Norwich Early Evening Events

Observation: I like Norwich’s outdoor events.  They create a great sense of community and celebration that can sometimes feel lacking when day-to-day life becomes monotonous and mundane.

Most recently, I enjoyed playing a reaction-time game at St Andrews Plain and, that same evening, a little salsa dancing was livening up Gentleman’s Walk.  Both were part of a programme of activities called ‘Head Out Not Home’ being coordinated by Norwich Business Improvement District (BID) to promote Norwich’s early evening economy.

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Discussion: So why do Norwich BID think that Norwich’s early evening economy is in need of promotion?  Well, because the precursor to Norwich BID, the City Centre Partnership, had identified that the city centre goes quiet between 5pm and 8pm, meaning that businesses which do open at those times lose custom, and shops tend to close up rather than stay open to serve those who can’t get to them during the day.

When consulting as to the reasons why people tended not to stay out in Norwich during the early evening, the City Centre Partnership asked a multiple choice question on their website.  They gave lack of transport, difficulty of access and lack of amenity (not enough to do) as possible reasons for the early evening lull.  The real reason, though, was not suggested and is not improved by the programme of events they are now putting on.

The real reason, in my opinion, is that Norwich is currently oriented around the commuter. The city centre is workplace-dense and there are few flats and houses.  According to 2001 census data, the workplace population of Mancroft Ward (which covers much of the city centre) was 28,499, whilst the resident population was 3,581, meaning that at least the difference, around 25,000 people commute into Norwich City Centre everyday, not just from the suburbs of Norwich but all over Norfolk.  This tends to mean that people working in the city during the day will generally be keen to get  back home to their families at the end of the day, commuting back home and not returning until the next workday.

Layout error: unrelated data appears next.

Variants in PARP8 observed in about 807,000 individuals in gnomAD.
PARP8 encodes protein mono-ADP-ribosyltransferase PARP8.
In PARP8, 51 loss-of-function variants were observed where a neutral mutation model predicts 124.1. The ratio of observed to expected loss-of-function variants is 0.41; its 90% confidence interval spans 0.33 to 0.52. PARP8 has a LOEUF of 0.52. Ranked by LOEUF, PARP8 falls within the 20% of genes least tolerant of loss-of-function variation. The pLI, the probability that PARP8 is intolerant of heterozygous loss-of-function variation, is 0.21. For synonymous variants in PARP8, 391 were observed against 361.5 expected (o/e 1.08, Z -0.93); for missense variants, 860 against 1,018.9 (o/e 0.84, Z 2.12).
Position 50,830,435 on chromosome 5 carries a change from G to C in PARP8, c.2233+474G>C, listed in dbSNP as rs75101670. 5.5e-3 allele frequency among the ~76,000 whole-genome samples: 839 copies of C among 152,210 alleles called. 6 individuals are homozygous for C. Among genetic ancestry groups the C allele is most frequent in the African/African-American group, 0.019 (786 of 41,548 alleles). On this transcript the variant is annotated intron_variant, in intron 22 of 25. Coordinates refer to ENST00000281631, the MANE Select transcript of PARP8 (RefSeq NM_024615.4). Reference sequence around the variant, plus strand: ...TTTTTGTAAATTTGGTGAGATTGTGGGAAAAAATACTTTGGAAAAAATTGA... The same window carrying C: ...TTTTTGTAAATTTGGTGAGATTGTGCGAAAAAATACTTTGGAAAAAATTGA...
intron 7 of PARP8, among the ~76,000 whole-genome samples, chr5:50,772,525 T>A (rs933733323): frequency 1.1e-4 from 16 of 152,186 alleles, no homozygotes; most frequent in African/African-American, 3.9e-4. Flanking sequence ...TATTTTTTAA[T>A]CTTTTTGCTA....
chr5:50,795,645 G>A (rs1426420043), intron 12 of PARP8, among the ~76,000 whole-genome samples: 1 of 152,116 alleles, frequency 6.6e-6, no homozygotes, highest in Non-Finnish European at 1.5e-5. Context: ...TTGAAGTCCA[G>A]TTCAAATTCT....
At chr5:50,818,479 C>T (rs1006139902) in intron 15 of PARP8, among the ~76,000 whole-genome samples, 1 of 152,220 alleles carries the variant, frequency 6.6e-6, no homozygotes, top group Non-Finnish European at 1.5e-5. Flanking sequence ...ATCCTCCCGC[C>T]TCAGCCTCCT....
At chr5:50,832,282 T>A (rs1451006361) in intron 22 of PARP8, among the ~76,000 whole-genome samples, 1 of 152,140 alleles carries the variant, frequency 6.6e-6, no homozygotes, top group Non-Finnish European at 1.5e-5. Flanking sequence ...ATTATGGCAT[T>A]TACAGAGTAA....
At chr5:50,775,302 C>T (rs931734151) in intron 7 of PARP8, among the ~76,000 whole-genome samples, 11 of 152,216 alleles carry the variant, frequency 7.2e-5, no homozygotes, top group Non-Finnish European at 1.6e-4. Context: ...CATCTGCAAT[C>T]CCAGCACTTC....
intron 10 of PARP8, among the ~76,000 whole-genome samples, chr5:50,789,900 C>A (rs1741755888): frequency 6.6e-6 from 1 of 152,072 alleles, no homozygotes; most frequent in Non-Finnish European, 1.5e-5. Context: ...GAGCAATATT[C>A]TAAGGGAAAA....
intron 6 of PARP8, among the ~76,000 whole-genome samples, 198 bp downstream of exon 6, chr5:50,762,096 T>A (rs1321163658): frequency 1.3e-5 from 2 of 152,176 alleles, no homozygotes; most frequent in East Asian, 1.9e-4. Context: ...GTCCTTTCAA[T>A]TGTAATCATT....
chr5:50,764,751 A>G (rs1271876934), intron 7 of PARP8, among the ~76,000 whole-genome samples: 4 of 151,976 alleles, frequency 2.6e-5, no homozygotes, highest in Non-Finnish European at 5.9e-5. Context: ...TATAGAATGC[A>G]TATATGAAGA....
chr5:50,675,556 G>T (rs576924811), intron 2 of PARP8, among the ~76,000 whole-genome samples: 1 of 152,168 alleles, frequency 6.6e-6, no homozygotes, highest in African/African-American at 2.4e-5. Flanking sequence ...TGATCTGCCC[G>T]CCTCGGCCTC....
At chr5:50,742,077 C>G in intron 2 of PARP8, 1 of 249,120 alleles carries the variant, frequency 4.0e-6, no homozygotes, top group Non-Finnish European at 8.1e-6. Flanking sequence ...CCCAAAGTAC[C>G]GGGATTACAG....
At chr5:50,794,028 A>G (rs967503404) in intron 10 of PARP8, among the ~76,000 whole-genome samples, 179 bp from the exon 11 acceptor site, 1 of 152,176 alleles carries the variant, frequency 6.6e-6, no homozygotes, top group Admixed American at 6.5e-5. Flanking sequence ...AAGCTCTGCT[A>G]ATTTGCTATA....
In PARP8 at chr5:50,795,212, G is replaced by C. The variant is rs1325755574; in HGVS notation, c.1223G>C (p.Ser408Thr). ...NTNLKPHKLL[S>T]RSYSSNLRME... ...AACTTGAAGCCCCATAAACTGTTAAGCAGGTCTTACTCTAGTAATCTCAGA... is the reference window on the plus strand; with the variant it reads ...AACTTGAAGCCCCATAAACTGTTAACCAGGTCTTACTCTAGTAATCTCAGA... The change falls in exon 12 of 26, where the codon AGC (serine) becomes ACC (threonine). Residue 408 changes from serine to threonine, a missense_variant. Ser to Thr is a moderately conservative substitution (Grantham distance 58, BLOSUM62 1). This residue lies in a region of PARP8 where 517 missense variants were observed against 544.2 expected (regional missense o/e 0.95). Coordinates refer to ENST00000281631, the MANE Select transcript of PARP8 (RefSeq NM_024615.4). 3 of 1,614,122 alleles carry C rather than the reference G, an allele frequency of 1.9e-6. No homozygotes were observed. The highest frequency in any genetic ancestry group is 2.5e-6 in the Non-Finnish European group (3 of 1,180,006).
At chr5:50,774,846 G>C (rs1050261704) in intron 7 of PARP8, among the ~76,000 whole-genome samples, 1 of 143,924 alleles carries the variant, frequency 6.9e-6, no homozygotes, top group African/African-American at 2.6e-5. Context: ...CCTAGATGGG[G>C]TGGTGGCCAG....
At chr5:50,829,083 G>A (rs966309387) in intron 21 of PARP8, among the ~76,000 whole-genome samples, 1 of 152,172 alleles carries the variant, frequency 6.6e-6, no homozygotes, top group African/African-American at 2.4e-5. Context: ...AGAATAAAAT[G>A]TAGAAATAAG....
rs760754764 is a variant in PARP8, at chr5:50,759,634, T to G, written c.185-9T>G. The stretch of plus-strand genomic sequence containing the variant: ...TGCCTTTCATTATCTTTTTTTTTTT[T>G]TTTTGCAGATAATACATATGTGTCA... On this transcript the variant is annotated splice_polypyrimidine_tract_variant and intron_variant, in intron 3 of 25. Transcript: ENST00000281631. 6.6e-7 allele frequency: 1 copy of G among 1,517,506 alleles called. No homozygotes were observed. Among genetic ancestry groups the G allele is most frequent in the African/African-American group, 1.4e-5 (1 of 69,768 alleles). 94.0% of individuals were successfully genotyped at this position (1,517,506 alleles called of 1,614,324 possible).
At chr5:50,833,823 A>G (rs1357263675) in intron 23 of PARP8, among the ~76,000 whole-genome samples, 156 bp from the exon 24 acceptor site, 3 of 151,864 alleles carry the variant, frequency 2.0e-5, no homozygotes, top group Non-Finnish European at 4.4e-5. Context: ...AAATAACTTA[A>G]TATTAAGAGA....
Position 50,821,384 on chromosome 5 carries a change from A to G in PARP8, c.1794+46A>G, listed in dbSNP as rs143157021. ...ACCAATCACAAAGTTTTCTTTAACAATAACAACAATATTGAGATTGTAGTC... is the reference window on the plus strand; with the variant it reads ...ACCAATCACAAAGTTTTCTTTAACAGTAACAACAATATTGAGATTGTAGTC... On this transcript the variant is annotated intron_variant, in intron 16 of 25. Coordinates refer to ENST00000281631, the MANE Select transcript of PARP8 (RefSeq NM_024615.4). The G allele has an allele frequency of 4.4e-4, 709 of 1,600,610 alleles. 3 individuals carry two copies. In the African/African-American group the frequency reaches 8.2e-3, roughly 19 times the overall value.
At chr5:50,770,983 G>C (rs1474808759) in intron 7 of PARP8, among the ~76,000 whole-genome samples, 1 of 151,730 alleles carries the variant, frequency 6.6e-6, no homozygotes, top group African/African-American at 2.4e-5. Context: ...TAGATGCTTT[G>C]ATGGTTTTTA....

Staying out is often an inconvenience, for various reasons.  For one thing, it is unfamiliar – people have a routine. Someone might get the same bus in the morning, or know exactly how long the car journey will be, and how much to expect to pay for parking.  There are also dinner arrangements, which may get costly if you stay out, and of course if you drive in, you have to avoid the alcohol unless you sort out other arrangements for getting home.  What’s more, friends and family may be based elsewhere, and so even if you stay in the city after work, they may have to make a trip in specially.

As well as the reasons why staying in the city may be inconvenient, there may also be things which draw people to their home area.  This might be the desire to get back to children or spouses, friends or other family.  It might be the routine and familiarity of home – knowing the area well, which pub you like and knowing that you can walk back home after a few pints. And then from a financial point of view, eating at home is cheaper and home entertainment is likely to be cheaper than entertainment in the city.